If your beer has been boiled in a kettle and had DMSO evaporated away, then you actually don't really need copper at all in your vacuum still (or presumably in your standard still). However, some copper is a good idea to include for other reasons. The main one being that it is a phenomenal conductor of heat. Having copper in some key locations may also have an impact on the final flavor and character of the distillate, but I haven't seen any appreciable change one way or another. I use copper in my heating and condensing coils, on my stripping plates, and in my packed rectifying sections. Everything else is stainless steel. Stainless steel is more durable, easier to clean and looks good in its own right, although it certainly does lack the warm, comforting glow of a copper still!


Many distilleries take the entire fermented mash, grains and all, and throw it in their pot still for distillation. This approach is not really viable, nor recommended, to the vacuum distiller. Doing this requires stirring, and although it can be done under vacuum with the right kind of stirring motor, shaft and sleeve arrangement, it's very difficult to do this at scale without expensive equipment. Rotary evaporators are one way to do this kind of a distillation under vacuum, but the larger these get, the more cumbersome and expensive they become. It's an extra layer of cost and complexity that has no perceivable benefit that I can fathom.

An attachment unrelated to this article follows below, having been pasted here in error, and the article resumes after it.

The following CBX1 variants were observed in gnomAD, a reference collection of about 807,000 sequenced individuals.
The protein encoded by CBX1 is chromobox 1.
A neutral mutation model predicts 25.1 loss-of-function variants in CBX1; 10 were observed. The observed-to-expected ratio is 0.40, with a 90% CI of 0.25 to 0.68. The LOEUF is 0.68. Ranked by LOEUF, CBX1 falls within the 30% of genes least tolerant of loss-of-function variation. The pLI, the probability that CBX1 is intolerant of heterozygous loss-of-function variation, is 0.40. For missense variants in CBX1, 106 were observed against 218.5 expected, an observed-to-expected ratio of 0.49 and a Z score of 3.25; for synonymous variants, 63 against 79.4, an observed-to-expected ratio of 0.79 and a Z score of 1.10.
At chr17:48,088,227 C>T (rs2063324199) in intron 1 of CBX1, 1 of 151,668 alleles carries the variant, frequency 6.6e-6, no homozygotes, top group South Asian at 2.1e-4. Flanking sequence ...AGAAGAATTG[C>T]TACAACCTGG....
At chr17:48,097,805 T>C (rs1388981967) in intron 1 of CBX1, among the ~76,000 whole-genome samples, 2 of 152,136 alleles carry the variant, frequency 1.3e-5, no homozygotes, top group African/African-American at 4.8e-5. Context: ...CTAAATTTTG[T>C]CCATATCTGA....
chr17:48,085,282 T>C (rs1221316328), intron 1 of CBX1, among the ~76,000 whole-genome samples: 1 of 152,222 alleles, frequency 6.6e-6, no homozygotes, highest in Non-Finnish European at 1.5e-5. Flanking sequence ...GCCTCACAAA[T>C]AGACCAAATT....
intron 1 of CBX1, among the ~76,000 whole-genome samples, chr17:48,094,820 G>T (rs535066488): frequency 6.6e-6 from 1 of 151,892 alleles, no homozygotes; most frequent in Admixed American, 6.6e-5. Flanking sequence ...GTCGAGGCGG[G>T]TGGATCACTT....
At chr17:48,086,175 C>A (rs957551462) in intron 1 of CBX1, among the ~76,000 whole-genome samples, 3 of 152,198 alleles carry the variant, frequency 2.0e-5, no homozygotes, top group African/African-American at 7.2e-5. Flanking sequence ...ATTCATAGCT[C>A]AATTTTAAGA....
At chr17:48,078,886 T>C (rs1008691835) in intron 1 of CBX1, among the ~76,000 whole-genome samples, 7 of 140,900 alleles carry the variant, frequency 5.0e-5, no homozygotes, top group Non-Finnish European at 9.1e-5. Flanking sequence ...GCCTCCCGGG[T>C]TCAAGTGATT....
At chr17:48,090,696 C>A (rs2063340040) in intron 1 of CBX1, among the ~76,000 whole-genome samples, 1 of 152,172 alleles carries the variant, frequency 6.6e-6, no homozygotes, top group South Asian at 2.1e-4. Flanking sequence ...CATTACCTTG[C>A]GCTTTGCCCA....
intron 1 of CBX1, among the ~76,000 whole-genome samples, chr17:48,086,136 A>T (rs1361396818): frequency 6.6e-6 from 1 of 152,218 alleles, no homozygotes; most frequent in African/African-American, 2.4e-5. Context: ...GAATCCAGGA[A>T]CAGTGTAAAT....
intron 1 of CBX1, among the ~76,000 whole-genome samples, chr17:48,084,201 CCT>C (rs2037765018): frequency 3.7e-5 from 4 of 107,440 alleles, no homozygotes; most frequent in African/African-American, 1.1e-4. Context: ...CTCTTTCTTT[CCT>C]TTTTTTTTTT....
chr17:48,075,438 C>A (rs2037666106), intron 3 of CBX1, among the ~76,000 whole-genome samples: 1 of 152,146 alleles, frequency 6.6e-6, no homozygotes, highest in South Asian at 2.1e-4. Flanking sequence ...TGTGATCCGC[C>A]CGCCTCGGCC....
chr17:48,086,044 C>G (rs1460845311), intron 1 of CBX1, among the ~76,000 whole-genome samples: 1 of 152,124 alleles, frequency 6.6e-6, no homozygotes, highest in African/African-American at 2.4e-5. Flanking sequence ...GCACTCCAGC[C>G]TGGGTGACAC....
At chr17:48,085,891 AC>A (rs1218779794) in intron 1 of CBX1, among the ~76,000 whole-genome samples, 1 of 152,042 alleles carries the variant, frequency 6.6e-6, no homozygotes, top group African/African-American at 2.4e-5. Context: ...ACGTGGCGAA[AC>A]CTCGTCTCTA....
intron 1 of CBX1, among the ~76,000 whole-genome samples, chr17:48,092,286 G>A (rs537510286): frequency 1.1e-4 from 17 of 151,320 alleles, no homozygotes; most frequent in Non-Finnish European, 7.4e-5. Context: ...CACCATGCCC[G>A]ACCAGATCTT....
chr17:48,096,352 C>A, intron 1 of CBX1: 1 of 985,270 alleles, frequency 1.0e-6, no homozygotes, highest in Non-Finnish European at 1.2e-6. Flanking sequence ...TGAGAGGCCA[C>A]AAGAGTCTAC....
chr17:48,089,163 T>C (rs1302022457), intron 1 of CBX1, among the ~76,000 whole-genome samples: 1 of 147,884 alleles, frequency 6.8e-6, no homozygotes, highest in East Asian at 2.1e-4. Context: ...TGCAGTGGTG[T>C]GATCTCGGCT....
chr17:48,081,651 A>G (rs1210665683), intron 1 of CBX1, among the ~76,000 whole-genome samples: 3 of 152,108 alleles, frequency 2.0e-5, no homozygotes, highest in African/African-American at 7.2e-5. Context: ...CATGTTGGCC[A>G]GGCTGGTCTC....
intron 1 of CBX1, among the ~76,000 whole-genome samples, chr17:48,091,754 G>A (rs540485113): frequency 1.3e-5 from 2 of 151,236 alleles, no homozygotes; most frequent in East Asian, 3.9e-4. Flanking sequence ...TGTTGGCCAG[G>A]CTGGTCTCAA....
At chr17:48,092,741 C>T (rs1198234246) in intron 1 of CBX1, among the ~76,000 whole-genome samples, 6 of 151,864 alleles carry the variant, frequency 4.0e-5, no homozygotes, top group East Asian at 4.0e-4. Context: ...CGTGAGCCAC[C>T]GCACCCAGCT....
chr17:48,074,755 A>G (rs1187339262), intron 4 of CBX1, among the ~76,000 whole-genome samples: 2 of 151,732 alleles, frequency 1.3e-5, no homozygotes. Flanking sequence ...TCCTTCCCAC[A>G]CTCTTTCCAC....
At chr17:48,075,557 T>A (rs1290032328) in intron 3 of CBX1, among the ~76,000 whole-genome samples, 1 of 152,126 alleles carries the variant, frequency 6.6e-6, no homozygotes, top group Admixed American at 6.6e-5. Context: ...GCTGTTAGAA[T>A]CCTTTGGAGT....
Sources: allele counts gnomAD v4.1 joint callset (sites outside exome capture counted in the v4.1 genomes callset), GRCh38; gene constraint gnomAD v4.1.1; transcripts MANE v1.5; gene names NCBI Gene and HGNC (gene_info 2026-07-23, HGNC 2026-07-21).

Distilling a filtered (solids removed) beer is a preferred option, in my opinion. And, in fact, it doesn't necessarily need to be filtered at all. Drawing a beer from a brite tank at a level above the settled trub is as good as any other method, and far less complicated and cheaper than filtration.